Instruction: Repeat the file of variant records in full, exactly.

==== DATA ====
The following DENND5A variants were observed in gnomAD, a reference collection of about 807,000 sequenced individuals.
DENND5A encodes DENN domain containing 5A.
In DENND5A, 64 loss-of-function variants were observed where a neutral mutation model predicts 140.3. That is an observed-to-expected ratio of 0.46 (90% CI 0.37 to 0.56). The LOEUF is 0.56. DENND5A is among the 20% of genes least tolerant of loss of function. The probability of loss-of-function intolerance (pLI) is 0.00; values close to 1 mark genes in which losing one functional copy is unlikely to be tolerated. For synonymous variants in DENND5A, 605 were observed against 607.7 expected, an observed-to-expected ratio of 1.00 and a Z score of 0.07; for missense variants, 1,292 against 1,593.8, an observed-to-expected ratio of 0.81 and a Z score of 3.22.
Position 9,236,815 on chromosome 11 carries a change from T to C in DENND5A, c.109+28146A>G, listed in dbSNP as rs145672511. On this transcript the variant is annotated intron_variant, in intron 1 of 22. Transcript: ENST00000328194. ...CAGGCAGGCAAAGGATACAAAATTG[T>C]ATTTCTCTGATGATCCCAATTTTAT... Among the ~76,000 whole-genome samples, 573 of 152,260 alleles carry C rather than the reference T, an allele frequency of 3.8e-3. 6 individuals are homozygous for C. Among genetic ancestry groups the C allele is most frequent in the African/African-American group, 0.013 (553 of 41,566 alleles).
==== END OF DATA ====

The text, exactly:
The following DENND5A variants were observed in gnomAD, a reference collection of about 807,000 sequenced individuals.
DENND5A encodes DENN domain containing 5A.
In DENND5A, 64 loss-of-function variants were observed where a neutral mutation model predicts 140.3. That is an observed-to-expected ratio of 0.46 (90% CI 0.37 to 0.56). The LOEUF is 0.56. DENND5A is among the 20% of genes least tolerant of loss of function. The probability of loss-of-function intolerance (pLI) is 0.00; values close to 1 mark genes in which losing one functional copy is unlikely to be tolerated. For synonymous variants in DENND5A, 605 were observed against 607.7 expected, an observed-to-expected ratio of 1.00 and a Z score of 0.07; for missense variants, 1,292 against 1,593.8, an observed-to-expected ratio of 0.81 and a Z score of 3.22.
Position 9,236,815 on chromosome 11 carries a change from T to C in DENND5A, c.109+28146A>G, listed in dbSNP as rs145672511. On this transcript the variant is annotated intron_variant, in intron 1 of 22. Transcript: ENST00000328194. ...CAGGCAGGCAAAGGATACAAAATTG[T>C]ATTTCTCTGATGATCCCAATTTTAT... Among the ~76,000 whole-genome samples, 573 of 152,260 alleles carry C rather than the reference T, an allele frequency of 3.8e-3. 6 individuals are homozygous for C. Among genetic ancestry groups the C allele is most frequent in the African/African-American group, 0.013 (553 of 41,566 alleles).